Could 3D printing provide new solutions for disabled people?
Disabled people often need personalised equipment to help with their individual needs. Could 3D printing provide a cheap and efficient solution?
Disabled Berliner Raul Krauthausen bought himself a 3D printer a year ago, thinking that it might be fun to make iPhone cases and key chains. After a while he wondered if he could create something more useful for himself.
"I decided to print a ramp because I am a wheelchair user. I often have problems getting into places with just one step in front of the entrance. I thought it would be good if I could carry one with me on the back of my wheelchair, not too big and not too heavy."
Krauthausen taught himself by watching online tutorials. He created a portable pair of plastic chocks - textured on one side to prevent tyre slippage - to help him over occasional steps.
He says it needn't be a complete solution for it to be helpful: "I have to ask someone on the street to put the blocks in place but that's not a showstopper. Sitting in an electric wheelchair as I do, you're used to asking people for help."
The plastic printing materials cost Krauthausen 50 euros and each part of the ramp took 26 hours to print on his printer. In December he posted the resulting design file to 3D sharing site Thingiverse with the message: "This is my first prototype. Please feel free to print and to develop it. Any feedback is appreciated."
Krauthausen says that followers on Facebook did challenge him to build the same device with Lego: "I ordered 600 Lego bricks and my flatmate and I constructed the same ramps. We found that building it with Lego was much faster, it took only 30 minutes, and cost about the same price."
Only simple plastic objects can be printed on 3D consumer equipment and generally work well as prototypes. Some users of the Thingiverse site have uploaded design files with disabled people in mind. For instance, you can download a playing card holder, a pen-holding device or a right-angle spoon, all ready for printing.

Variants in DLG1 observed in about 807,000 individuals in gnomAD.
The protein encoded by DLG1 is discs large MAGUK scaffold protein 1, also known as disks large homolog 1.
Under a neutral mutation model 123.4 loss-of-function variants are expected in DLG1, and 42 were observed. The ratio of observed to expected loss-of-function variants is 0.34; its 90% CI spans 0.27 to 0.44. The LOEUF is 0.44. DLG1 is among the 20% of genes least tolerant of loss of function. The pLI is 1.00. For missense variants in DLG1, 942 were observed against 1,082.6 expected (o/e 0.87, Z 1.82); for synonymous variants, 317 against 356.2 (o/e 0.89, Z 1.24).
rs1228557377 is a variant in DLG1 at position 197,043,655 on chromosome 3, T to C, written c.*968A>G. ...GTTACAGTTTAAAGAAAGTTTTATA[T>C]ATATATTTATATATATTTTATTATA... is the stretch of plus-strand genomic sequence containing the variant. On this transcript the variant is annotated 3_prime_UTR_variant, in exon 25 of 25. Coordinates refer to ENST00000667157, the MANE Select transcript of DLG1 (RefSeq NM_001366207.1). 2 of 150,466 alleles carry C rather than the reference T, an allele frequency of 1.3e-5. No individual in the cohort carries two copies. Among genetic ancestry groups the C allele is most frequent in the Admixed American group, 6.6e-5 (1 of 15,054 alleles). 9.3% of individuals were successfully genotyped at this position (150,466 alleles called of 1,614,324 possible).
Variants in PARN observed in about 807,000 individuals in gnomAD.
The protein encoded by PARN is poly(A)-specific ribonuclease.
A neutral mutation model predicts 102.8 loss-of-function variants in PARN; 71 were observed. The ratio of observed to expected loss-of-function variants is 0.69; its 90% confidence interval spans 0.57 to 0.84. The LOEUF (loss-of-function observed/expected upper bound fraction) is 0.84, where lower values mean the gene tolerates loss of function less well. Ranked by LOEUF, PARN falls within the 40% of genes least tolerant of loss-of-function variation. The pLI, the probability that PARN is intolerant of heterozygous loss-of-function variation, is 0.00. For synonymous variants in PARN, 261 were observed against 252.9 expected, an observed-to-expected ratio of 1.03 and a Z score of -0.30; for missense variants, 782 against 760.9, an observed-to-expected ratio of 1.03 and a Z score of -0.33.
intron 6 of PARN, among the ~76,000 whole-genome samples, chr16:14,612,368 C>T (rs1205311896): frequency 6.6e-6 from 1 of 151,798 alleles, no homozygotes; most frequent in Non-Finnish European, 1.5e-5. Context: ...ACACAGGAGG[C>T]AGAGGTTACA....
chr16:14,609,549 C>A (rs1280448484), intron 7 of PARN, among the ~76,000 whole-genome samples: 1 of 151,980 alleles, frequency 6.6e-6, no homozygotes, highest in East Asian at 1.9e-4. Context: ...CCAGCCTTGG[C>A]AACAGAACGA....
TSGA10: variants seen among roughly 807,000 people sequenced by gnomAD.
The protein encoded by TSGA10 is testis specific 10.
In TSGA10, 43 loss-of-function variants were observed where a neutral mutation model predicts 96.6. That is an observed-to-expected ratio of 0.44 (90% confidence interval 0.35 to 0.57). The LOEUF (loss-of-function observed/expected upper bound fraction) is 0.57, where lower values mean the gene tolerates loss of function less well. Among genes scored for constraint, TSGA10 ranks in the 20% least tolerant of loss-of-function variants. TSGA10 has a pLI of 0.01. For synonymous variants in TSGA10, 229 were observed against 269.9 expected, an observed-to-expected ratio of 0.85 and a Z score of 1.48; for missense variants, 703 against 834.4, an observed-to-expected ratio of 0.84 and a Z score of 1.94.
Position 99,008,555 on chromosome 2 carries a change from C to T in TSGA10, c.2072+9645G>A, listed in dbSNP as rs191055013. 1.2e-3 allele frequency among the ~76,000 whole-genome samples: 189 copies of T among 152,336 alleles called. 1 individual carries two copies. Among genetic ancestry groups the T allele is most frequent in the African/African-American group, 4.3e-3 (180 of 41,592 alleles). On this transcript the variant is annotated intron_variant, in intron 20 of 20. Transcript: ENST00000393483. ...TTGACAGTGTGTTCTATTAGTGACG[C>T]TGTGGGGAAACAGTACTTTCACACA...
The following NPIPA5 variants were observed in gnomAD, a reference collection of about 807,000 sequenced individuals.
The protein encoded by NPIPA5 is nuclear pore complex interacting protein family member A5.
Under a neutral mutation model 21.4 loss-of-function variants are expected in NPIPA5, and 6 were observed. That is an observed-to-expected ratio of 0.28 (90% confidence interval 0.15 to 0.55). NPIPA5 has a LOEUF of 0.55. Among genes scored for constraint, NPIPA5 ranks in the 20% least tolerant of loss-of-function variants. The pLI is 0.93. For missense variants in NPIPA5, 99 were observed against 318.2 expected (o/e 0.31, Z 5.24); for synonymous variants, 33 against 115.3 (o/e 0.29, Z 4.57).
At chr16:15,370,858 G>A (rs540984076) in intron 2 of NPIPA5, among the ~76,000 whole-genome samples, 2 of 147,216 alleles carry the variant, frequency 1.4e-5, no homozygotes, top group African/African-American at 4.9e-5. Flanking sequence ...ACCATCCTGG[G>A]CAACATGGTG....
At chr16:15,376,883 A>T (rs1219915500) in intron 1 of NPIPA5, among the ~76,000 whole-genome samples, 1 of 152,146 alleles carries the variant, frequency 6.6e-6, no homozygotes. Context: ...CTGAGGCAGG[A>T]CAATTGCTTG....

One enthusiastic user is currently sharing a design for a white cane. Admitting to knowing little about the blind market, he or she says the diameter might be wrong - and it's also not the colour you might expect: "Please forgive my yellow 'white' cane. I just couldn't resist (and I'm running out of white)."
Accessible equipment is often obtained from disability professionals or specialist shops. Many complain that these can be unattractive, costly and don't always work very well.
More 3D printing projects
Other more ambitious disability projects include:
Denise Stephens, founder of Enabled by Design, imagines that in the future, mainstream products could be made accessible by only partially customising them.
"My dexterity isn't good," says Stephens who has multiple sclerosis, "so it could be that buttons on a product could be more textured and so easier for me to press.
"I suppose I have a dream you could buy products online and, just before checking out, you could say what customised elements you'd like. They could be 3D printed and would be tailored to your needs."
Special equipment can often be expensive as demand is relatively small. Raul Krauthausen says: "It's better to be able to print a wheelchair cup holder and make it available for 10 euros." He suggests that currently you can find yourself paying something like 100 euros for a small piece of specialist equipment manufactured and sold in the old way.
Warwick University has been running a project at nearby Hereward College for people with "complex support requirements" to create their own assistive products.
21 year-old student Oliver Baskaran, who has limited movement, described his difficulty drinking when out socialising: "When a bottle is quite full the straw comes out, it falls out when you tip it too." Thanks to his new printed "bung" which holds a straw firmly in the top of any size of bottle, Baskaran now takes it to the pub and can enjoy a drink independently.
"I had to get my head round it, I'm not used to this kind of thing but after five sessions I started to get the hang of it," says Baskaran.
"With the design software, you can move it around, look at it from different angles, zoom in, zoom out to tweak, smooth up edges. A full 3D view."
Baskaran says that without this technology he would have to find a specialist to make him things, which could take a long time. The 3D printing method took "an hour to make and minutes to print out".